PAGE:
Carnival Tuesday in Trinidad and Tobago in 2020

Carnival Tuesday in Trinidad and Tobago in 2020
  How long until Carnival Tuesday?
This holiday next takes place in 223 days.
  Dates of Carnival Tuesday in Trinidad and Tobago
2021Trinidad and Tobago Tue, Feb 16Not A Public Holiday
2020Trinidad and Tobago Tue, Feb 25Not A Public Holiday
2019Trinidad and Tobago Tue, Mar 5Not A Public Holiday
2018Trinidad and Tobago Tue, Feb 13Not A Public Holiday
2017Trinidad and Tobago Tue, Feb 28Not A Public Holiday
The streets of Latin America and the Caribbean erupt with colour and noise as Carnival ushers in the Easter period.
  Carnival Tuesday in other countries
Carnival Tuesday internationally
Related holidays

When is Carnival Tuesday?

Carnival Tuesday, also known as Mardi Gras or Fat Tuesday, takes place on the day before Ash Wednesday, the first day of Lent, the 40 day period that precedes Easter.

As the date of Easter changes each year so does the date of Carnival Tuesday. The earliest date Carnival Tuesday can be is Tuesday 3 February and the latest date is Tuesday 9 March.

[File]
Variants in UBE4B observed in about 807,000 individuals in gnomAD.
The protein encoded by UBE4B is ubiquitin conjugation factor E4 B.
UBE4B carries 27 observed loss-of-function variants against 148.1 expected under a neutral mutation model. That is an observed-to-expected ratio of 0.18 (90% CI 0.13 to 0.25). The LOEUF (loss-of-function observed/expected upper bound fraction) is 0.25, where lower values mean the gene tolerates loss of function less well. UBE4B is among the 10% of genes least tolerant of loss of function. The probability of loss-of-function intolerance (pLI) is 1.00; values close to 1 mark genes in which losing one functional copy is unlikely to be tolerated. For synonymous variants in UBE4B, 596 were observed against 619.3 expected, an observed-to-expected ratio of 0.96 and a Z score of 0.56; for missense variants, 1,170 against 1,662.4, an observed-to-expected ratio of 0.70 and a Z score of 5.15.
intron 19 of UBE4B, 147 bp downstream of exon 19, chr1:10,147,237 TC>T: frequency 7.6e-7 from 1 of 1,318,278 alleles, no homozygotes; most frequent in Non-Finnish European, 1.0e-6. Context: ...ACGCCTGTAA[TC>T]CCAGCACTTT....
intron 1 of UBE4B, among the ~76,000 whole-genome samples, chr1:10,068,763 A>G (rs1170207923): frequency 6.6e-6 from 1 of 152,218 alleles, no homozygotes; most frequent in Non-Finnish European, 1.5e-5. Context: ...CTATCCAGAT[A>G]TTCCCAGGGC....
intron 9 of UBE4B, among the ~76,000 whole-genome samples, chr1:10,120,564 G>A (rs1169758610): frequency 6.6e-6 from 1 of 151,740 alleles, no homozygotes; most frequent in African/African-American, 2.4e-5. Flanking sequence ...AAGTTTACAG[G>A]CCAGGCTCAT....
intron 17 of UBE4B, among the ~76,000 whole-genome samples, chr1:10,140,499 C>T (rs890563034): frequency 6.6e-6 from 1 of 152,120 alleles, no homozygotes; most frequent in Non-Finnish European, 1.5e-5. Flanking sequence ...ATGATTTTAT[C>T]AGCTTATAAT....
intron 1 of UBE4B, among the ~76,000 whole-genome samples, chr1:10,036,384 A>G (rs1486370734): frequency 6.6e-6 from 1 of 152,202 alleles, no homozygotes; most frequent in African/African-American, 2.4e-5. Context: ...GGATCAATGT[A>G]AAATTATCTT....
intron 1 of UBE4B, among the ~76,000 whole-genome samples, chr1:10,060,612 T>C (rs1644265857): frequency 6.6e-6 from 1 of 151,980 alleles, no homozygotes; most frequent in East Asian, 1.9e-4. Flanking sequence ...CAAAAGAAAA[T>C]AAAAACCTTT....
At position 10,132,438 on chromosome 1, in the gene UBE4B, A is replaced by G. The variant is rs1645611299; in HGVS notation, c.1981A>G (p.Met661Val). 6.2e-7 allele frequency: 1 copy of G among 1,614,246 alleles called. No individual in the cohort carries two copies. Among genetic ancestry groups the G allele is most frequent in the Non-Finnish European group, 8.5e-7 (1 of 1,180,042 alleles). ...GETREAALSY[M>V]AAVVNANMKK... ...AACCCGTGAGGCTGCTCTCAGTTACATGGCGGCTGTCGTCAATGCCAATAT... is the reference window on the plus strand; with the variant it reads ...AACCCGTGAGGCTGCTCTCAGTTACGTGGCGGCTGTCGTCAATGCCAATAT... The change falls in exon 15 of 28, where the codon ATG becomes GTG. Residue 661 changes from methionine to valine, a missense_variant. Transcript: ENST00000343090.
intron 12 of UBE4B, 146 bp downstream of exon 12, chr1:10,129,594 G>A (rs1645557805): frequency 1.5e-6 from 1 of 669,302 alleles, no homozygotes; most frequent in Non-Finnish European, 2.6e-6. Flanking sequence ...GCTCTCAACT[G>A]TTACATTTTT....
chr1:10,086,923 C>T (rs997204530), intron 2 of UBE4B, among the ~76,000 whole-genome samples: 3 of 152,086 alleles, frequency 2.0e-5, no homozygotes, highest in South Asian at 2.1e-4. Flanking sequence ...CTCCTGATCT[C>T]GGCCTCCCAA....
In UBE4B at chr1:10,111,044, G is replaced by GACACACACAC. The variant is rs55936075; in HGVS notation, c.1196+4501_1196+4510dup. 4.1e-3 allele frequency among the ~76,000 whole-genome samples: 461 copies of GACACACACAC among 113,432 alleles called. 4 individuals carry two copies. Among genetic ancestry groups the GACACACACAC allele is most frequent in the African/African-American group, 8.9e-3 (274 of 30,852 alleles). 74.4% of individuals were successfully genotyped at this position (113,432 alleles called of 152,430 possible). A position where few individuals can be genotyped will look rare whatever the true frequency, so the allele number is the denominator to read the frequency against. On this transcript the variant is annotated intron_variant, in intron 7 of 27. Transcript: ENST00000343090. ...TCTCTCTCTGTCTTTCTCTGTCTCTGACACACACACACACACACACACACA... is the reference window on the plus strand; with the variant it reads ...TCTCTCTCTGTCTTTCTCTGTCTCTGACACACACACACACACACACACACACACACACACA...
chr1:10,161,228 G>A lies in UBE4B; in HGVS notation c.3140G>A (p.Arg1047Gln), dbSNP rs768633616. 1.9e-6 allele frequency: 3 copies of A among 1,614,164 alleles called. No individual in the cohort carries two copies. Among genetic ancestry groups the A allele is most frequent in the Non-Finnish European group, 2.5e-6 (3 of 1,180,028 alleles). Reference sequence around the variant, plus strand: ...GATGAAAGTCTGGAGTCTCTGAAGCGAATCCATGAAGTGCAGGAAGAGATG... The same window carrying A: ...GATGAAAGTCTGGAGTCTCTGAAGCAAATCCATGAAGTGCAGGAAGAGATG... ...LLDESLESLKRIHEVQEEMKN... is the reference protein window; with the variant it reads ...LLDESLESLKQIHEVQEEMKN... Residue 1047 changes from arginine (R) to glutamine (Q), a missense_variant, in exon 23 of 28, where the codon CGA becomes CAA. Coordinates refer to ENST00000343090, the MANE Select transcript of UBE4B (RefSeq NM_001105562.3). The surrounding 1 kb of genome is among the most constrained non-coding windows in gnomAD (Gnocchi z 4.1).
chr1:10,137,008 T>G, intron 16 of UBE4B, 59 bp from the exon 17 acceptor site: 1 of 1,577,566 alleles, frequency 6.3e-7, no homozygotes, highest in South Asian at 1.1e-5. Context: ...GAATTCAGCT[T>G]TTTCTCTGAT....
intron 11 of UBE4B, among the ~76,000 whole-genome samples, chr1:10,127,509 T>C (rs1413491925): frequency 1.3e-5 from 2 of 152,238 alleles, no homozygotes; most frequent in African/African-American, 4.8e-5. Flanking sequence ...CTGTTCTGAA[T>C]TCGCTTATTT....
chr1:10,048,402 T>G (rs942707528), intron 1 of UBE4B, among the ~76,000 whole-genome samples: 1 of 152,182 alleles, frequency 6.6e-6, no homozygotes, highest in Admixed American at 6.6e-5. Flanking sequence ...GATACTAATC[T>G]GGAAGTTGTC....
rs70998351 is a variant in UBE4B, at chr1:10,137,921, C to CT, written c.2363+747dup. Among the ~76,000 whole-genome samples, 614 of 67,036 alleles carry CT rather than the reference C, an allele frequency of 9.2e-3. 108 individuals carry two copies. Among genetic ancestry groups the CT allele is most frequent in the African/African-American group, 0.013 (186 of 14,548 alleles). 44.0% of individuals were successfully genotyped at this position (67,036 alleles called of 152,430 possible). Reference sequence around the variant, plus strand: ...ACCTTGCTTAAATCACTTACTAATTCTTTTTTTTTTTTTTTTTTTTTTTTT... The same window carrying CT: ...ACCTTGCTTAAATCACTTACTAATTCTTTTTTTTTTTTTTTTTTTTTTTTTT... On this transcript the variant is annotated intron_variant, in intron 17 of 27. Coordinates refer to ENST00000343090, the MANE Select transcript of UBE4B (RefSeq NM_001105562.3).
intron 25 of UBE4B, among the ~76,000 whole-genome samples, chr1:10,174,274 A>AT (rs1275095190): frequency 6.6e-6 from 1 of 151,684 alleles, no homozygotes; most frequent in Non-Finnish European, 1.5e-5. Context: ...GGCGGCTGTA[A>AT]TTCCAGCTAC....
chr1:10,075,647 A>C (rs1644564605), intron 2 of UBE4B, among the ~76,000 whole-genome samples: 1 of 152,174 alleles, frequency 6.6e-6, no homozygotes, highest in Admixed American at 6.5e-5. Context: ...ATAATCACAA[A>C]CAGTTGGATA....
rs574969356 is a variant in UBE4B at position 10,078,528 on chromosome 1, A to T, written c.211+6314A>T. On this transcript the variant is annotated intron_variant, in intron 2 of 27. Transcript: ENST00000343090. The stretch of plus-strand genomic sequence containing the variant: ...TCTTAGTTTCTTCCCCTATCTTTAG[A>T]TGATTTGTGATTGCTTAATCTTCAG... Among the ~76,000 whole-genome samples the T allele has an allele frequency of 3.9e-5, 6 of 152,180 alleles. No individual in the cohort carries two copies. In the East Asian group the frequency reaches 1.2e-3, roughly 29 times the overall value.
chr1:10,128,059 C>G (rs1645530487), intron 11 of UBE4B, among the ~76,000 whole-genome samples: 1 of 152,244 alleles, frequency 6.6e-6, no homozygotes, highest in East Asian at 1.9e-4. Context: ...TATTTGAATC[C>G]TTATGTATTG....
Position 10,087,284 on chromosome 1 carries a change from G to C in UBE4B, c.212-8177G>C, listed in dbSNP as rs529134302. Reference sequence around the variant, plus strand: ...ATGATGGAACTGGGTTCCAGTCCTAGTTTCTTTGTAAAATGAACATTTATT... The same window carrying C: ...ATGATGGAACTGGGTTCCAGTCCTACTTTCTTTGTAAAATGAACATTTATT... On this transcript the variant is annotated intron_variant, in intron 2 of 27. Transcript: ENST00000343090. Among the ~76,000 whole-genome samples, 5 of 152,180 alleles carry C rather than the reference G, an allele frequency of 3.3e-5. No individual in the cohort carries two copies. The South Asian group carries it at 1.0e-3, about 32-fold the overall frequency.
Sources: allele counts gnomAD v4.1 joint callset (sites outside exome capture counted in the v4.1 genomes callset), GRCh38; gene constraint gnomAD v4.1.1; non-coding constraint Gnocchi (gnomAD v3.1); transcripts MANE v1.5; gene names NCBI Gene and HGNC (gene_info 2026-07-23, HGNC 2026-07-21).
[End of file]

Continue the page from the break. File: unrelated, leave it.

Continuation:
In some parts of Europe, the Tuesday before Lent is known as 'Shrove Tuesday', shrove being an old word for confessing - a day to cleanse the soul before Lent.

During the 40 days before Easter, Roman Catholics are supposed to abstain from all bodily pleasures, including the consumption of meat. This is intended to remember the fasting of Jesus, who spent 40 days in the desert before beginning his ministry. Indeed, it is proposed by some that the word carnival is derived from the Latin 'Carne Vale' which means a farewell to meat signifying the coming period without meat.

Despite its original religious beginnings, modern carnivals can hardly be described as solemn affairs, and the Latin American and Caribbean festivals share their excessive nature with similar European celebrations, where the festivals are an opportunity for final indulgence before lent itself - even though nowadays not many of the attendees to the carnivals will give up as much for Lent as their more religious ancestors did.

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